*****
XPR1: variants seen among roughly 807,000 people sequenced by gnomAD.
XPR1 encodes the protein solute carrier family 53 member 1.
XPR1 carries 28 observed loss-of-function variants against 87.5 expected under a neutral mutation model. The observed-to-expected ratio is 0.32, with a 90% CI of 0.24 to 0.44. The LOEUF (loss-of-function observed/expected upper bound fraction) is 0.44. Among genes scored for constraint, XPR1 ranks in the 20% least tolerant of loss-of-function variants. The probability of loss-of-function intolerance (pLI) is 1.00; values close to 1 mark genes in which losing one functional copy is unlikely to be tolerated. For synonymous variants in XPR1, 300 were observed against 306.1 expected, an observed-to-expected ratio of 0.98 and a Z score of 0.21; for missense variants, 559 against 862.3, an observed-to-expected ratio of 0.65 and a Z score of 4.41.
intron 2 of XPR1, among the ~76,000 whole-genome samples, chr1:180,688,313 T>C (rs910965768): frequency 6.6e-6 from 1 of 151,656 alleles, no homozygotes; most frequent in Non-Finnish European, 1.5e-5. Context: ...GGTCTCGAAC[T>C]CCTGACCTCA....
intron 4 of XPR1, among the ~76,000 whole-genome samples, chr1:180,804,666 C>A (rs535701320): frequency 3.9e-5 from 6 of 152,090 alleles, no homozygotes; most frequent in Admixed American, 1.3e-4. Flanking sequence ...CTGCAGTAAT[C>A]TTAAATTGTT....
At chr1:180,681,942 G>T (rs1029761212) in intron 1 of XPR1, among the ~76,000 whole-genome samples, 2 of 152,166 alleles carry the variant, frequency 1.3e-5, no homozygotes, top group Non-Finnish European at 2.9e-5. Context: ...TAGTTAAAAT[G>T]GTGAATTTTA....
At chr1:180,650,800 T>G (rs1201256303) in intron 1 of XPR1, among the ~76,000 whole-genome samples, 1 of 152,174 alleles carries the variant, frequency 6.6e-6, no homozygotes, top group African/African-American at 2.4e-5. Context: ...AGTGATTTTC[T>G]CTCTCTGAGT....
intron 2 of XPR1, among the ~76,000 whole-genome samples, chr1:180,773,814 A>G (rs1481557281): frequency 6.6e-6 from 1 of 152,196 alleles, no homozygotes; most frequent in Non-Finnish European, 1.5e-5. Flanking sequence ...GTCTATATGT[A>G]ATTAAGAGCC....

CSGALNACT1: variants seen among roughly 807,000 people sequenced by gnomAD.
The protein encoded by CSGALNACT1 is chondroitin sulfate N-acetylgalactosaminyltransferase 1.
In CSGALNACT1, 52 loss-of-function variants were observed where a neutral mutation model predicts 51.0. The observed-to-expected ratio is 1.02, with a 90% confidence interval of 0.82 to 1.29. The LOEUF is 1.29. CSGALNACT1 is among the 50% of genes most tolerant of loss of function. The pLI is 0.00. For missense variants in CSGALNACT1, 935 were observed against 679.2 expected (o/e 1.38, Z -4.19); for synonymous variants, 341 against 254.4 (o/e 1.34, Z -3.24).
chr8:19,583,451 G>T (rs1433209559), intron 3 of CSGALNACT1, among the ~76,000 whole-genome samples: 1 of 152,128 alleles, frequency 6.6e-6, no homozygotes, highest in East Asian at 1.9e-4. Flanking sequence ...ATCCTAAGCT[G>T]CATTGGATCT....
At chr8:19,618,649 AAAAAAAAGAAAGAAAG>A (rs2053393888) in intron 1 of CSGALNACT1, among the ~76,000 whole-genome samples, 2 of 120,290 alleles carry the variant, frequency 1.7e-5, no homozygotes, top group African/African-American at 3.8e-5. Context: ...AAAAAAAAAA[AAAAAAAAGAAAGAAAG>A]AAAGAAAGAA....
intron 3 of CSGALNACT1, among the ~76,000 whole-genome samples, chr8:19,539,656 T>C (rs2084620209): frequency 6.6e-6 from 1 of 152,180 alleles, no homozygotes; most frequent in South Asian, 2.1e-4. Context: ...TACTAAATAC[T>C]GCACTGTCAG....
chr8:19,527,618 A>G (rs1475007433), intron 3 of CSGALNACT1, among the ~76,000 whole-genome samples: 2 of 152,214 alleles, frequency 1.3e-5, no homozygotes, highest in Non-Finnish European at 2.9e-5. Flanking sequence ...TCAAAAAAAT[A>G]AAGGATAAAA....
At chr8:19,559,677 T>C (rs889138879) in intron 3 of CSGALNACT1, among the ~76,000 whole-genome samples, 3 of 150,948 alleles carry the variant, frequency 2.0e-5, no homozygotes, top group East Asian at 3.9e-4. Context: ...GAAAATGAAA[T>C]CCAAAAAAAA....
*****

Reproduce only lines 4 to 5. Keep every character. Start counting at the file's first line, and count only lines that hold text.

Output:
intron 2 of XPR1, among the ~76,000 whole-genome samples, chr1:180,688,313 T>C (rs910965768): frequency 6.6e-6 from 1 of 151,656 alleles, no homozygotes; most frequent in Non-Finnish European, 1.5e-5. Context: ...GGTCTCGAAC[T>C]CCTGACCTCA....
intron 4 of XPR1, among the ~76,000 whole-genome samples, chr1:180,804,666 C>A (rs535701320): frequency 3.9e-5 from 6 of 152,090 alleles, no homozygotes; most frequent in Admixed American, 1.3e-4. Flanking sequence ...CTGCAGTAAT[C>A]TTAAATTGTT....